I believe that there is a very simple rule behind this and all the other Anglican Difficulties: it is nothing less than Man's search for Authentic Communion with Christ. Catholics believe in the sacrosanctity of the Holy Mass where the Communicant comes into full and intimate contact with the One Who willed that very Communicant's creation. Once one realises what one is saying "Amen" to when receiving the Body of Christ, the more important it becomes that the experience be authentic, that we are in reality participating with every other Christian soul and the Holy Saints with the same Eternal (i.e. timeless) Christ. This is the content of Catholic Tradition. If anything breaks that Tradition, the authenticity is impaired.

As soon as impairment arises, it is here that chaos begins to reign, the turbulence of the sea that the Jews feared most. The Christ-seeking Catholic has no option but to move apart from the impediment and to move faster and further the greater he perceives that impediment to be.

This is what has happened to Anglicanism: it is going supernova over the impediments that are being built into its mainstream. The Catholics are propelled away from this out into a desperate search for the Authentic Christ apart from all modern notions of experience, equality, and "go with the flow".

It isn't where a Catholic is heading that should be the cause for judgement or suspicion, but rather whether that Catholic has taken steps to seek the Authentic Christ beyond the impairments that are being flung into his way and even then this can only be done by One Who truly sees the heart and motives of the individual - the One Who Knows on all scales. I doubt very much that the Catholic knows where he is headed any way, but by holding onto his simple rule can he find some reassurance through his fervent prayers and obedience to the faith that has been handed onto him that he will find his Beloved.

So then, what do I think of the Ordinariate? I cannot speak highly enough of those who have heard God's call to make the leap, to become the pioneers of something entirely new to reconnect with that which is entirely old. They will have my support, prayers, admiration and love that what they are trying to do may indeed work, provide a comfortable home for lost souls and bring all to Christ.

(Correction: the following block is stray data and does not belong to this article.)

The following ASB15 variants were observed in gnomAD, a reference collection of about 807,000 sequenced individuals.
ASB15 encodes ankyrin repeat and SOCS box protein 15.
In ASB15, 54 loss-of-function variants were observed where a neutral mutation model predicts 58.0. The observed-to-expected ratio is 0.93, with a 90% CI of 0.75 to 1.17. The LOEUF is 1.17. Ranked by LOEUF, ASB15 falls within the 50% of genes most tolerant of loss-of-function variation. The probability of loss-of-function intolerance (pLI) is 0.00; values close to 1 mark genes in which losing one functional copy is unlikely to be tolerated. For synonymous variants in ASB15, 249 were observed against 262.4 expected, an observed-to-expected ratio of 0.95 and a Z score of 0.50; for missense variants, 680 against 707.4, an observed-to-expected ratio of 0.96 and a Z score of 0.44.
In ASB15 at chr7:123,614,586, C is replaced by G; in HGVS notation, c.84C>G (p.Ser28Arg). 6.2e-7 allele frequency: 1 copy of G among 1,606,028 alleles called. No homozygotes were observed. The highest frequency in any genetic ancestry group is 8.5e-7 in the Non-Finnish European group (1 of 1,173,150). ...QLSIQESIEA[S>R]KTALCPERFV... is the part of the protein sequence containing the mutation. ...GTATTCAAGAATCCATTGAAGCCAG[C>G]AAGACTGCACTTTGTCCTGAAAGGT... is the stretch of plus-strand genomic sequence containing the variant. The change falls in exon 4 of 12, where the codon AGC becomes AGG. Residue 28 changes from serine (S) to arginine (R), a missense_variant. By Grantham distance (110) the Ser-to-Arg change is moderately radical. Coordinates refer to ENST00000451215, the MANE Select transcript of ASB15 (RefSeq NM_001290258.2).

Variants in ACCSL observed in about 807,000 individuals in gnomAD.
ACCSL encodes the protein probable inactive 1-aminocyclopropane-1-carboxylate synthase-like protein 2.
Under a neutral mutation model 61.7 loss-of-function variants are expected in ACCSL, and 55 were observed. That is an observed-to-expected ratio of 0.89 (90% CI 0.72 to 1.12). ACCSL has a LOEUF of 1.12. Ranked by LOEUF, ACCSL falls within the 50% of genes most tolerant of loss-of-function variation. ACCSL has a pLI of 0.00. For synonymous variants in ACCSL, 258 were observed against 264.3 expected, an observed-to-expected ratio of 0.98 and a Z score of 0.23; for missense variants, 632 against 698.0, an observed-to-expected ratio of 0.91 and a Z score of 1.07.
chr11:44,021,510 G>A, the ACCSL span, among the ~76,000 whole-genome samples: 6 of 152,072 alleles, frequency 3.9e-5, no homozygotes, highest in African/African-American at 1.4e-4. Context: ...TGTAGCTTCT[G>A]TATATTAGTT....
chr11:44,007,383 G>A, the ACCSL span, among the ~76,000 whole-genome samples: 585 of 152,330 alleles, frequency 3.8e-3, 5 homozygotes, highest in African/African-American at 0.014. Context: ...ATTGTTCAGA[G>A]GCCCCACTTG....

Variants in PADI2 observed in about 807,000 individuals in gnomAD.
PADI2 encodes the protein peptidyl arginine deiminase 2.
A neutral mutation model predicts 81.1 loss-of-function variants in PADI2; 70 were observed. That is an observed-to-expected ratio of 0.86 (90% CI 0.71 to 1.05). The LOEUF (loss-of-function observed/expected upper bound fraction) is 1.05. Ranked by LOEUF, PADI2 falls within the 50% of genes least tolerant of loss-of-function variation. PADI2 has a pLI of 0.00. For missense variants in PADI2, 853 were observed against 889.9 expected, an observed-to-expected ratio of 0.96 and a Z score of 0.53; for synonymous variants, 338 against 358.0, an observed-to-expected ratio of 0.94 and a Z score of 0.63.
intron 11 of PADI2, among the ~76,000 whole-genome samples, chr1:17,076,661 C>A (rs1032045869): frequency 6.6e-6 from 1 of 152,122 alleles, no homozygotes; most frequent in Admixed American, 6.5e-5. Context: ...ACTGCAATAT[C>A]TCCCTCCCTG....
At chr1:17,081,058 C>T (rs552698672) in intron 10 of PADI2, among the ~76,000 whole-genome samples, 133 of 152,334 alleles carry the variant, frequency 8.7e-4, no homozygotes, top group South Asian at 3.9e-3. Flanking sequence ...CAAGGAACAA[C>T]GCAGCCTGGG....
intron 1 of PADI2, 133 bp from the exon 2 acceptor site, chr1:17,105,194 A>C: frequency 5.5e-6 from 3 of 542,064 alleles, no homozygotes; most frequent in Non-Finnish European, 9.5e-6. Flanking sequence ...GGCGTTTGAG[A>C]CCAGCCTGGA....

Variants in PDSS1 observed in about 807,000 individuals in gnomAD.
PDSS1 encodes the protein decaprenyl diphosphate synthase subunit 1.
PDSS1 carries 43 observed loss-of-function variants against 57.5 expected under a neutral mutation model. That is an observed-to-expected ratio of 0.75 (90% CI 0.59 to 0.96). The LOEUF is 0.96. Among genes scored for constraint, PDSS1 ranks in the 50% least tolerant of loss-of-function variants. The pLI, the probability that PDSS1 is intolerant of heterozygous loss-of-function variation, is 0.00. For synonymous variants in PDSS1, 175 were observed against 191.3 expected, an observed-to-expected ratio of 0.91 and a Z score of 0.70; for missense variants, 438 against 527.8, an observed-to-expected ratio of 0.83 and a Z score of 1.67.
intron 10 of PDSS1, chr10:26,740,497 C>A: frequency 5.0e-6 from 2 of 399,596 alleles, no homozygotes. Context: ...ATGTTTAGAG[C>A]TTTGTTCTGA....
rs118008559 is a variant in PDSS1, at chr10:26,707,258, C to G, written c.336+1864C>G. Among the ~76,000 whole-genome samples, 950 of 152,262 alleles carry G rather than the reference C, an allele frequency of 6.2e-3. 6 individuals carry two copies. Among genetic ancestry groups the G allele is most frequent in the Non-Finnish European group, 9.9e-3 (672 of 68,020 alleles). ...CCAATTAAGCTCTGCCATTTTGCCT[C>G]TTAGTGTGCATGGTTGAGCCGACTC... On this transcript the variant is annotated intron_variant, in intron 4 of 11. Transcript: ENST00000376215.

However, I'm afraid I cannot accept the conditions for the Ordinariate. The time is not right for me, even though I am between jurisdictions. I still would say that I am an Anglican Papalist, though I am much more wary of labels than I used to be. Perhaps I am not an Anglican Papalist - I don't know - things change. I still regard the Holy Father as the Head of the Church, the Successor of St Peter and especially, though he might deny it himself, the Patriarch of the West and have every desire to be in communion with him. However, I still regard Apostolicae Curae as being not just wrong but irrelevant. I have good personal reasons for believing in the integrity of Anglican Orders because of what happened to me at my Confirmation. It is this belief that makes me an Anglican Papalist and yet separates me from being in communion with the Holy Father.

But things change. I cannot see the bigger picture and if I could, it would only confuse me. I cannot shoot out faster than the speed of light to see the Divine simplicity. I trust that it's there though. What I do not trust are disjointed and confusing reports that come out of those for whom the Ordinariate is a be-all-and-end-all either as a hobby-horse of hatred as some blogs love to disparage with their "more-knowledgeable than thou" attitude or those who would seek to force everyone to abandon what Catholic aspect of Anglicanism they hold dear in order to get everyone to toe the line.

Ultimately, all Christians have only one direction in which to travel. The Authentic Christ exists and His gravity will draw to His embrace all those who seek Him.

1 comment:

Jakian Thomist said...

Thanks for this post - an exemplary display of thoughtfulness and Christian charity.